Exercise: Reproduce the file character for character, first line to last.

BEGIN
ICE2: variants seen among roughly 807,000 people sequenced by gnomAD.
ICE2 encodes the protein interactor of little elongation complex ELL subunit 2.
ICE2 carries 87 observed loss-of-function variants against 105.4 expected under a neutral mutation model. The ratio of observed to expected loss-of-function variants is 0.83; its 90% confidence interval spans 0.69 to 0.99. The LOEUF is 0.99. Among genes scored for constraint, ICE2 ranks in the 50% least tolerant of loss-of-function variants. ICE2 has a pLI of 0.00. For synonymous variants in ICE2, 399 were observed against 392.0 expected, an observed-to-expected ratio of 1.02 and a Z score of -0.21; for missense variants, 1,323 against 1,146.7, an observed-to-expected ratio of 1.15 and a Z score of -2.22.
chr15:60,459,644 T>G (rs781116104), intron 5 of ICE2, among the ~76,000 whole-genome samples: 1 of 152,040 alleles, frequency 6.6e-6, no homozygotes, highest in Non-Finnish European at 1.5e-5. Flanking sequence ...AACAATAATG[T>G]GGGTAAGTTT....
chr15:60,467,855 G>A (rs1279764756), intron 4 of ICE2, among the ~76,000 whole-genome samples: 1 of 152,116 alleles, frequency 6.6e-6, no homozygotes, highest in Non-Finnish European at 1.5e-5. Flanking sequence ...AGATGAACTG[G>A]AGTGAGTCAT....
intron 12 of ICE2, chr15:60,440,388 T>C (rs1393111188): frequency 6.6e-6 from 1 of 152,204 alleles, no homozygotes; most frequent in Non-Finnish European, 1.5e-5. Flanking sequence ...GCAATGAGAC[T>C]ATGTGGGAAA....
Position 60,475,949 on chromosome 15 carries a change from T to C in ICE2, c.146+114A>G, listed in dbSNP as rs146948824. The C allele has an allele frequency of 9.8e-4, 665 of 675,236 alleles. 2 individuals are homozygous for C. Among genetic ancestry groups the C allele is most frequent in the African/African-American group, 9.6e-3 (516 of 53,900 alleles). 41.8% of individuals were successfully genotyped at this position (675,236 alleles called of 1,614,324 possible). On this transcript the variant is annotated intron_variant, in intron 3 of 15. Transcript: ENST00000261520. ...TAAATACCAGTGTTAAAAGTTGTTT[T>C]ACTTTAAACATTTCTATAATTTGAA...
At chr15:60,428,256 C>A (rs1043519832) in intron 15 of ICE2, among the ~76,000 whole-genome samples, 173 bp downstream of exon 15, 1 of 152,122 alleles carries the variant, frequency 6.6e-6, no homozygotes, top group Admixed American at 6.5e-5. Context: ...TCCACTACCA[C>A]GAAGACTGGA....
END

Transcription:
ICE2: variants seen among roughly 807,000 people sequenced by gnomAD.
ICE2 encodes the protein interactor of little elongation complex ELL subunit 2.
ICE2 carries 87 observed loss-of-function variants against 105.4 expected under a neutral mutation model. The ratio of observed to expected loss-of-function variants is 0.83; its 90% confidence interval spans 0.69 to 0.99. The LOEUF is 0.99. Among genes scored for constraint, ICE2 ranks in the 50% least tolerant of loss-of-function variants. ICE2 has a pLI of 0.00. For synonymous variants in ICE2, 399 were observed against 392.0 expected, an observed-to-expected ratio of 1.02 and a Z score of -0.21; for missense variants, 1,323 against 1,146.7, an observed-to-expected ratio of 1.15 and a Z score of -2.22.
chr15:60,459,644 T>G (rs781116104), intron 5 of ICE2, among the ~76,000 whole-genome samples: 1 of 152,040 alleles, frequency 6.6e-6, no homozygotes, highest in Non-Finnish European at 1.5e-5. Flanking sequence ...AACAATAATG[T>G]GGGTAAGTTT....
chr15:60,467,855 G>A (rs1279764756), intron 4 of ICE2, among the ~76,000 whole-genome samples: 1 of 152,116 alleles, frequency 6.6e-6, no homozygotes, highest in Non-Finnish European at 1.5e-5. Flanking sequence ...AGATGAACTG[G>A]AGTGAGTCAT....
intron 12 of ICE2, chr15:60,440,388 T>C (rs1393111188): frequency 6.6e-6 from 1 of 152,204 alleles, no homozygotes; most frequent in Non-Finnish European, 1.5e-5. Flanking sequence ...GCAATGAGAC[T>C]ATGTGGGAAA....
Position 60,475,949 on chromosome 15 carries a change from T to C in ICE2, c.146+114A>G, listed in dbSNP as rs146948824. The C allele has an allele frequency of 9.8e-4, 665 of 675,236 alleles. 2 individuals are homozygous for C. Among genetic ancestry groups the C allele is most frequent in the African/African-American group, 9.6e-3 (516 of 53,900 alleles). 41.8% of individuals were successfully genotyped at this position (675,236 alleles called of 1,614,324 possible). On this transcript the variant is annotated intron_variant, in intron 3 of 15. Transcript: ENST00000261520. ...TAAATACCAGTGTTAAAAGTTGTTT[T>C]ACTTTAAACATTTCTATAATTTGAA...
At chr15:60,428,256 C>A (rs1043519832) in intron 15 of ICE2, among the ~76,000 whole-genome samples, 173 bp downstream of exon 15, 1 of 152,122 alleles carries the variant, frequency 6.6e-6, no homozygotes, top group Admixed American at 6.5e-5. Context: ...TCCACTACCA[C>A]GAAGACTGGA....